We have been blessed by the beautiful sacred music that our Music Director/Organist Will Pearson has provided St. Andrew’s since November. Will will be leaving Greencastle and his last Sunday will be June 23. We are so sorry to say good-bye, and will miss Will’s organ music, singing, and choir direction.
We will have a special farewell for Will at Coffee Hour that Sunday, and will offer our thanks and best wishes. Please be there!


On Sunday, June 30, and Sunday, July 28 at 11:30, help craft jump ropes for Operation Christmas Child. This is a ministry that sends shoeboxes full of gifts to children living in impoverished countries. Locally, New Life Baptist Church in Greencastle packed over 1,000 shoeboxes last year and hopes to do the same this year. We are going to assist by doing a t-shirt-to-jump-ropes craft after the services on both June 30 and July 28. Come join us immediately after the service for this fun and easy craft. No experience is necessary and all supplies will be provided.


We are down to our last couple of parishioner penned News Notes. If you’d like to write a short reflection to be included in the Wednesday electronic newsletter, please let Renee know. The parishioner written articles are published on the 4th Wednesday of each month.


The Wabash Neighborhood is having an outing at the Indians baseball game on Sunday, August 4 at 1:35 p.m. The cost per ticket is $15 and kids eat free that day! Please get your money and reservations to Renee by July 14 so she can get all to St. Mark’s by July 21.


If any of you are interested in what your Vestry is doing, there are two copies of each month’s minutes on the top of the piano in Hamilton Hall. Feel free to read and return!


Most weeks, the Tuesday Bible and Book group meet at 4:30 p.m. On June 18 we will continue reading the new book “Celtic Christian Spirituality: Essential Writings-Annotated and Explained” published by Skylight Illuminations. NOTE: No bible study on June 11.


Please add Adult Depends Sizes Large & XL, 4 and 5 year old Children’s Pull-Ups, and boxes of Laundry Sheets to your shopping list for the NFP for the month of May. The laundry sheets are more popular and desirable especially for the older folk as they are much easier to handle than the bottles of liquid. Meals and conversation in Hamilton Hall are going well. Patrons are now able to pick out items they most need. Your contributions help our budget go farther in helping meet the needs of those in Putnam County. The next Non-Food Pantry will be this Saturday, June 29 from noon – 2:00 p.m.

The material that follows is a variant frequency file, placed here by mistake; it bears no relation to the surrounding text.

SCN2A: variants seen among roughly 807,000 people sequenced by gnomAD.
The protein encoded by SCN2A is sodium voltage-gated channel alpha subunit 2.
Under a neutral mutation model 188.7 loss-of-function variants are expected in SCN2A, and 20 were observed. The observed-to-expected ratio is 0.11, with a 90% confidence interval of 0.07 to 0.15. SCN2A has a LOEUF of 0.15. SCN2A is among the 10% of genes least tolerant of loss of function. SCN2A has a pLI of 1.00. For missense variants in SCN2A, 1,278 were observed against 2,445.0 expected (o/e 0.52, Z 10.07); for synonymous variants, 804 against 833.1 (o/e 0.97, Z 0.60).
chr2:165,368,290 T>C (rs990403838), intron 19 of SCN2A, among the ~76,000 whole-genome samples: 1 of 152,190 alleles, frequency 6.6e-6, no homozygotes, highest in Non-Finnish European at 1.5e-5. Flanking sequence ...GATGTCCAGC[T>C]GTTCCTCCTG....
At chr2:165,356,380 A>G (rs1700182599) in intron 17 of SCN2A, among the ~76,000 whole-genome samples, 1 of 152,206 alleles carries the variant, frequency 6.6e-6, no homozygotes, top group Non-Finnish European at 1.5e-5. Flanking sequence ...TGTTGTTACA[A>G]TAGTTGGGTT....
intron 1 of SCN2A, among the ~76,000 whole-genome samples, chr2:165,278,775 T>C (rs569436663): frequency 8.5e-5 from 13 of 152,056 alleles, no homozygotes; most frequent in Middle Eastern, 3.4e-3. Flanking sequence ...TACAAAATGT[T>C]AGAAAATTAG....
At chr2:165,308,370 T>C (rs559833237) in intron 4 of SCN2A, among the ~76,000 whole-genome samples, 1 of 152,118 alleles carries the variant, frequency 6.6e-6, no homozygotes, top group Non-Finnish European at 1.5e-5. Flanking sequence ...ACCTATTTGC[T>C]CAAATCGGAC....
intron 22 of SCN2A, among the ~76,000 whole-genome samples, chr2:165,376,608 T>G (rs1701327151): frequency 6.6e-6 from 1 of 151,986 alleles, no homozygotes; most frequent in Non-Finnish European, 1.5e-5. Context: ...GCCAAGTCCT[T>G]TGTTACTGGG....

Renee will be out of the office on vacation June 4 – June 11.


We have some large print Day by Day daily devotionals in the sanctuary that you are free to take home for your personal devotions–and if we know that people would like copies, we can order the right amount. Many of you may also appreciate the on-line version of Day to Day. Click here.


We continue to respond to both our county’s current CDC designation and to the current variant. Masking is optional. Decisions on COVID policy have moved from the Reconvening Committee to Rev. Jen and the Wardens.

Prayers and Reflections for This Week

We have heard that the daily reflections and scripture readings provided during Lent were appreciated. The meditations are written by persons from Gobin UMC and Beech Grove UMC. They will be in the newsletter each week and go from Wednesday to Tuesday, except for Sunday. Whether you enjoy these every day or as the Spirit moves you, may this resource continue to bring you spiritual food for the journey. Blessings!

Click here to view the readings and accompanying links.

Non-Food Pantry Latest

Saturday, June 29

• Noon to 2:00 p.m.
There will be a distribution in Hamilton Hall and light lunches will be served inside. We are grateful for all those who have worked so hard to obtain supplies for the Non-Food Pantry. Items are having to be purchased from a variety of sources making it much more expensive. Donations to help offset this extra cost will be gratefully accepted!

Top 3 Needed Items
  • Adult Depends Sizes Large & XL

  • 4 and 5 Year Old Children’s Pull-Ups

  • Laundry Detergent Sheets in boxes

Your prayers are asked for:

The family of Ben Anderson, friend of Joanne Haymaker
Haile Bane, grandson of Joanne Haymaker
Beth Benedix, friend to many of us at St. Andrew’s
Amy Berry, friend of Pam Smith
Rae Boscoe, friend of Henrietta Schwartz
Vernon Bothwell, friend of Warren & Connie Macy
David Bryant, brother of Stephanie Gurnon
Jackie Casey, friend of Warren & Connie Macy
Marthe Chandler, friend of Martha Rainbolt

Clara Copeland, friend of Jen+
Anita Edenfield, friend of Skip Sutton
Bob Fatzinger, brother of Barbara Pare
Carole Greenawald
Sister Vickie Griner, friend of Trudy Selvia
Janet Jenks, friend to many at St. Andrew’s
Thad Jones, brother of Steve Jones
Lisa Breese Kincaid, daughter of Bob & Mimi Breese
The family of Bernie Knuth, uncle of Dennis Knuth
The family of Don Marple, brother of Martha Rainbolt
Mary Mountz
Tom Mullen, father of Patti Harmless
Marilyn & Leo Nelson, sister & brother-in-law of Joanne Haymaker
Sarah Oldstone, sister-in-law of Jen+

Elizabeth & Natalie Sheffler, daughter & granddaughter of Page & Narda Cotton
The family of Gloria Smith
Skip Sutton
Karen Swalley, friend of Thom & Gwen Morris
Deb Wilder, sister of Connie Macy
Dwight Ziegler, uncle of Stephanie Gurnon
Kat and family, friend of Jen+
& Chris

Diocesan Cycle of Prayer: The Table, Indianapolis: The Rev. Spencer Ruark, The Rev. Ben Sternke, The Rev. Matt Tebbe.

Our companion dioceses: The Anglican Episcopal Church of Brazil: The Most Rev. Mauricio Jose Araujo De Andrade, Primate of Brazil and Bishop of Brasilia. The people and Diocese of Haiti and Saint Andre’s in Mithon.

Anglican Cycle of Prayer: The Province of the Anglican Church of The Congo.

Birthdays: Martha Rainbolt, June 9 ; Mary Mountz, June 15.

Anniversaries: Bill & Lucy Wieland, June 15.

Special Events and Services